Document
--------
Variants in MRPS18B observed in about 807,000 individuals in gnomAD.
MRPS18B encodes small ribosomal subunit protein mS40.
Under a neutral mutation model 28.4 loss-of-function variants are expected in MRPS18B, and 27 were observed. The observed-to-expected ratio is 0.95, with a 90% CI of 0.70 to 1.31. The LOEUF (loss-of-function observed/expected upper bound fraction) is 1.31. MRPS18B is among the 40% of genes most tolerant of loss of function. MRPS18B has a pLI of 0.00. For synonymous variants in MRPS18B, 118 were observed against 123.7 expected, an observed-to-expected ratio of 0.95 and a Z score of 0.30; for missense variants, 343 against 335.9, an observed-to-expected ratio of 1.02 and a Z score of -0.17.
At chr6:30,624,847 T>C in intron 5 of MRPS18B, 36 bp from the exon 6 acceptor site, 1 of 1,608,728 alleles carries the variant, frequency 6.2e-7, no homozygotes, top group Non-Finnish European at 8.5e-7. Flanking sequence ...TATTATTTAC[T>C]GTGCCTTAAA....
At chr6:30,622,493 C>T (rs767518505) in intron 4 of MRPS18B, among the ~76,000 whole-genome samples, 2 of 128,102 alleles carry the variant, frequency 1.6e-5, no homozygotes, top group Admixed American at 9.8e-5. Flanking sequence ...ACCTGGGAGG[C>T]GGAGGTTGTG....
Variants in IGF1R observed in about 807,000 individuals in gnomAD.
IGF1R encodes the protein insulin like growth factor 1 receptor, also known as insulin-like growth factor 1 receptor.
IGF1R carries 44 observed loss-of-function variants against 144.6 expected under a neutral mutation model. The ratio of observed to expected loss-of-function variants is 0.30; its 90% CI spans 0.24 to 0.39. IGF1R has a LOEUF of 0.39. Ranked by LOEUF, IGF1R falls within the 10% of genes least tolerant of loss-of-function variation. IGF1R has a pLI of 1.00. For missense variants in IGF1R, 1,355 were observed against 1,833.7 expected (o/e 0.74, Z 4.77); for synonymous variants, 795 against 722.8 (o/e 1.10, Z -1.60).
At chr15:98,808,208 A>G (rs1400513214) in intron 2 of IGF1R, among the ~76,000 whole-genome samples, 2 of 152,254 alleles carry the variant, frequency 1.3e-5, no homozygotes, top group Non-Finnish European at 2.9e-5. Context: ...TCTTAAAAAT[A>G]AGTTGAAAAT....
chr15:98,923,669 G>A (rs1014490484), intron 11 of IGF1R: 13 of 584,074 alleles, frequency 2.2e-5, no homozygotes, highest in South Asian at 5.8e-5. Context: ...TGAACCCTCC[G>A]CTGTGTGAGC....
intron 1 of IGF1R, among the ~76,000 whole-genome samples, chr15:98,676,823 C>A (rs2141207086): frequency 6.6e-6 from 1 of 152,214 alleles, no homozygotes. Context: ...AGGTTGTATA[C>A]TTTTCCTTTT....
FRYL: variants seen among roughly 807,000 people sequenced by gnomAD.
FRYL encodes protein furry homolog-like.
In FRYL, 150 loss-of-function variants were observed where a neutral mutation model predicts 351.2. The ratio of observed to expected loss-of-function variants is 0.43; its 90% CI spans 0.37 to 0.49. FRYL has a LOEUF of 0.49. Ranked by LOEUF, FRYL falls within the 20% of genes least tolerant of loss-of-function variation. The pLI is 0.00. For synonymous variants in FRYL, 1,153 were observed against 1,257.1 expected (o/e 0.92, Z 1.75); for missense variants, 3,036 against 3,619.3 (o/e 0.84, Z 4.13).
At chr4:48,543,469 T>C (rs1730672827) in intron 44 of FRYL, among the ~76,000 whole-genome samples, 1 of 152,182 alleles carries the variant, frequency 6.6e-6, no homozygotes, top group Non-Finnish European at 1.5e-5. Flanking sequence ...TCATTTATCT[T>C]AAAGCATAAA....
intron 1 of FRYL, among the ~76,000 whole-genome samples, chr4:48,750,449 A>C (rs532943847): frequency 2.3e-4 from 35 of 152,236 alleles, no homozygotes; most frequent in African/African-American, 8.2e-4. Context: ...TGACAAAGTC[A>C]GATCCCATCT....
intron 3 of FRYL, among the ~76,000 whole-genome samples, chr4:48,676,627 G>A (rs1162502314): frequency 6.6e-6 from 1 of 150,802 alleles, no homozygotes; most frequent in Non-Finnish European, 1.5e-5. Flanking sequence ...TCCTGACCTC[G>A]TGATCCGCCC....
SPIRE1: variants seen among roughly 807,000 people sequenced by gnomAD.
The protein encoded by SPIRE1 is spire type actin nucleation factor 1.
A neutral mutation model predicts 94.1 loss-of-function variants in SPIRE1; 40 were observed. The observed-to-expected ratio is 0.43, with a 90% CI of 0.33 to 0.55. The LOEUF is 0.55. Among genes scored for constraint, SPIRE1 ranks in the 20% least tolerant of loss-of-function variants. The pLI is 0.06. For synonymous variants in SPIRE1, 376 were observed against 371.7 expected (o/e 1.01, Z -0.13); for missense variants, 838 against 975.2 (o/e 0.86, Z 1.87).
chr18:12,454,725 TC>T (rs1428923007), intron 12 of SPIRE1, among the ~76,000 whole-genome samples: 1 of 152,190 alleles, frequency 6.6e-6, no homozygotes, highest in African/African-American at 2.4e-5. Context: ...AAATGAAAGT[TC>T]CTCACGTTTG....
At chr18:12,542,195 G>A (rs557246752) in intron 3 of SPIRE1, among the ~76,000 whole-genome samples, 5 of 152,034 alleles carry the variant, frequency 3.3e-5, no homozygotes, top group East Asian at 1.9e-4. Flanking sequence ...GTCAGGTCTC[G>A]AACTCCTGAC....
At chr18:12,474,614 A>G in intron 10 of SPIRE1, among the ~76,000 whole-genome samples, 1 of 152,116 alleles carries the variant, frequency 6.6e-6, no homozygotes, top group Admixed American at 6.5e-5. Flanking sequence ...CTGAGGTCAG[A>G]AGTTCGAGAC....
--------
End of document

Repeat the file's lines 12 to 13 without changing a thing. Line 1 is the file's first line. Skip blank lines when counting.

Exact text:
FRYL: variants seen among roughly 807,000 people sequenced by gnomAD.
FRYL encodes protein furry homolog-like.